In past years, the Healy Foundation has supported hydrogeologic research in Taos County, Santa Fe County, Union County and in Socorro/Catron Counties. This year’s funding opens the door to new water studies in a continued public-private partnership with the Healy Foundation and the Bureau of Geology's Aquifer Mapping Program.

Southern Taos Valley Hydrogeology

measuring flow
Kristoph Kinzli (left) and Paul Bauer measuring the flow of the river in the Rio Grande gorge north of Taos, as part of the Rio Grande Gorge Spring Study.
BLM photo by Del DuBois.

Since 1987 the bureau has been working in southern Taos County on detailed geologic mapping of the northern Rio Grande Valley. In 2011, in response to concerns regarding groundwater availability in the Taos area, the bureau initiated a multi-year hydrogeologic study of the southern Taos Valley, southwest of Taos. The goal was to produce a GIS-based, three-dimensional conceptual model of the groundwater system, which includes information on flow rates and direction, and groundwater chemistry. This will help county officials make more reliable decisions regarding the future of groundwater resources, and the impact of ongoing development on both surface water and groundwater resources. In addition to geologic mapping, the work involves hydrologic inventories of wells and springs, measurement of water levels in existing wells, sampling of water for chemical analysis, and precipitation studies.

This study produced:
OFR-581 — Hydrogeologic investigation of the southern Taos Valley, Taos County, New Mexico, by Johnson, P.S.; Bauer, P.W.; Felix, B., 2016

Springs and Wetlands at La Cienega

La Cienega cross section
Hydrogeologic setting for groundwater-fed wetlands at La Cienega, illustrated in a west-to-east cross section of the Santa Fe embayment. Groundwater flows west from the Sangre de Cristo Mountains across the basin and circulates to various depths within the Tesuque Formation (part of the Santa Fe Group aquifer).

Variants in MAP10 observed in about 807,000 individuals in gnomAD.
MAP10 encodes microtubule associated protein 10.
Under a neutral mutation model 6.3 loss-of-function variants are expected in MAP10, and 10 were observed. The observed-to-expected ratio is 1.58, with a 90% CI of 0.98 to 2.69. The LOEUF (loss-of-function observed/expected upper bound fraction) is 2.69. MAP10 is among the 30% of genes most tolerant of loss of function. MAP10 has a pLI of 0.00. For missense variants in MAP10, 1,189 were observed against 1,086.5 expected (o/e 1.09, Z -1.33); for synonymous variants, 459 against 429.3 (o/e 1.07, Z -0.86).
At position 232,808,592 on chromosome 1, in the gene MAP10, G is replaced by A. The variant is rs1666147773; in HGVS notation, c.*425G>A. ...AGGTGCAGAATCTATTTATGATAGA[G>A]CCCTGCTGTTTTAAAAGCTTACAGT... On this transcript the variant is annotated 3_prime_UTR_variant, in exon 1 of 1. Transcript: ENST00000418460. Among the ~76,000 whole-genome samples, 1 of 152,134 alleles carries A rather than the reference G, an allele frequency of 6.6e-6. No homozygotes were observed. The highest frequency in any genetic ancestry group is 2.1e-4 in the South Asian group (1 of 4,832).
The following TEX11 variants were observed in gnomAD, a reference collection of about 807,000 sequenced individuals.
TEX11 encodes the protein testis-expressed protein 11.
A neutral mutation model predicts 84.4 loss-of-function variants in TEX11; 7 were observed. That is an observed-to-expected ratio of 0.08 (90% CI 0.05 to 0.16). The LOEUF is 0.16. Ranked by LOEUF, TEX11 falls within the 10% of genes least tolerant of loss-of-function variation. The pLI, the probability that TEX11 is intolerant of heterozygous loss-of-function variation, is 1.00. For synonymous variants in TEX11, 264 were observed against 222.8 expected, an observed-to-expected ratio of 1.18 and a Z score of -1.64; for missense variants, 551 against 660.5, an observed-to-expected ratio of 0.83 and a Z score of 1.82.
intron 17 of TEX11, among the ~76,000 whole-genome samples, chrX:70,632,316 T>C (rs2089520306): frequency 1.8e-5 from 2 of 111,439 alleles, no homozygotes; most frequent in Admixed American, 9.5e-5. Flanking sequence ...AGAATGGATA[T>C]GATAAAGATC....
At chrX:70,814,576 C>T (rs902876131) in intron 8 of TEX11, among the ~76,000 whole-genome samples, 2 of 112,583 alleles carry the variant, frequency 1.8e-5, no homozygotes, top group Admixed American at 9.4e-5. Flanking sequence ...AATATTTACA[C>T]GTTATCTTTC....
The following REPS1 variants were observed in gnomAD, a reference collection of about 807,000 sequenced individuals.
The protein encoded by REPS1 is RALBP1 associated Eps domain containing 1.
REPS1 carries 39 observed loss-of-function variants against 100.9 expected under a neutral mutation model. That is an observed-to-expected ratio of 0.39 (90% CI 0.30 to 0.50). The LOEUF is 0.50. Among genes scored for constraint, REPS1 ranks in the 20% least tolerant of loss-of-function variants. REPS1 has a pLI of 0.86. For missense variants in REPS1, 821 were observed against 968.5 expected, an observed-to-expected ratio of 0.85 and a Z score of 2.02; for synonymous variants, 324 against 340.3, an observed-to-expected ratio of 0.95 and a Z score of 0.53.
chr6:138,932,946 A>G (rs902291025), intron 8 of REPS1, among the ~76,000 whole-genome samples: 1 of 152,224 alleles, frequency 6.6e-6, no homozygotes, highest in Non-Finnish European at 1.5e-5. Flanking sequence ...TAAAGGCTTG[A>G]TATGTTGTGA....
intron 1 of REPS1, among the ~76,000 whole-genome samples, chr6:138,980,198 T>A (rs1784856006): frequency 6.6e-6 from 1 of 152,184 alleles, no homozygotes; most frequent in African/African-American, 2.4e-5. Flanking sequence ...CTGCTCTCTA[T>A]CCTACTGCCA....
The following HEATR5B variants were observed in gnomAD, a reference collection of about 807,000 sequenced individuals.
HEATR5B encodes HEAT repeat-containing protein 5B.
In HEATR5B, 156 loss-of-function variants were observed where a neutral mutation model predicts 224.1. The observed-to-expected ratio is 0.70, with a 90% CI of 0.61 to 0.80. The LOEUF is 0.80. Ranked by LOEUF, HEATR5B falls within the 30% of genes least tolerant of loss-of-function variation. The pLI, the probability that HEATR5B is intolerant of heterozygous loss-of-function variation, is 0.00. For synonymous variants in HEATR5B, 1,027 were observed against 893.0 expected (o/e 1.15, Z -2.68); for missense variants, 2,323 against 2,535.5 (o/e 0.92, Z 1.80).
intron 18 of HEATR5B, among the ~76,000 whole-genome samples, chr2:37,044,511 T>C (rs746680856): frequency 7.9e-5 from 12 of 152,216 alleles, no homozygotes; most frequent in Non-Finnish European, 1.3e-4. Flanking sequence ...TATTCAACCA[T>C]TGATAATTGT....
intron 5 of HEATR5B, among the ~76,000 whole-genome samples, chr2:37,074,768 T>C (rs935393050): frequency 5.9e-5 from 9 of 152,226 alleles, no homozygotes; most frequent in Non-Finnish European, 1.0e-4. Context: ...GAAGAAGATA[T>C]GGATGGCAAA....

The bureau has been involved in a comprehensive study of the geohydrology of the wetlands in the vicinity of La Cienega, south of Santa Fe, since 2011. These springs and wetlands occur where local groundwater flows intersect the surface. They provide an important source of water for domestic and agricultural use as well as wildlife. The broad goals of the study were to understand the groundwater resources that sustain these wetlands. More specific goals addressed with collaborating agencies included developing strategies to restore springs and wetlands that have already been impacted by local urban development, and to assure the future and sustainability of these important resources. The study revealed a complex, 3-dimensional groundwater system. Groundwater flow from the Santa Fe Group regional aquifer sustains these wetlands. These groundwater flows are susceptible to increased groundwater withdrawals and to seasonal fluctuations, and a majority of the wells in the study have shown a persistent decline in water levels in the last decade. This study has redefined the shallow aquifer in the Santa Fe region, and has much broader implications for that part of the state.

This study produced:
Bulletin-161 — Geology and Hydrology of Groundwater-Fed Springs and Wetlands at La Cienega, Santa Fe County, New Mexico, by Peggy S. Johnson, Daniel J. Koning, Stacy S. Timmons, and Brigitte Felix, 2016, which won the AASG/GSA John C. Frye Memorial Environmental Geology Award for 2016.


Oil & Gas Resource Assessments

The bureau has been involved for many years in studying the geologic framework and petroleum geology of the Mancos Shale, in the San Juan Basin of northwest New Mexico. Development of resources within the Mancos Shale are likely to constitute a large portion of future oil and natural gas production in the state. We have also been developing a summary of the state’s unconventional shale oil and shale gas resources, primarily from formations within the Permian Basin, the San Juan Basin, and the Raton Basin. We have conducted detailed studies of the Woodford and Barnett Shales in the Permian Basin, and the Pierre and Niobrara Shales in the Raton Basin. These unconventional resources are likely to fill the gap created down the line by the decline of the state’s conventional oil and gas resources.

Petroleum geology studies at the bureau of the Tucumcari Basin over a twenty-year period have resulted in extensive leasing and exploratory drilling in the basin, which in turn has resulted in substantial gas discoveries.  Exploratory drilling in the Tucumcari Basin is ongoing.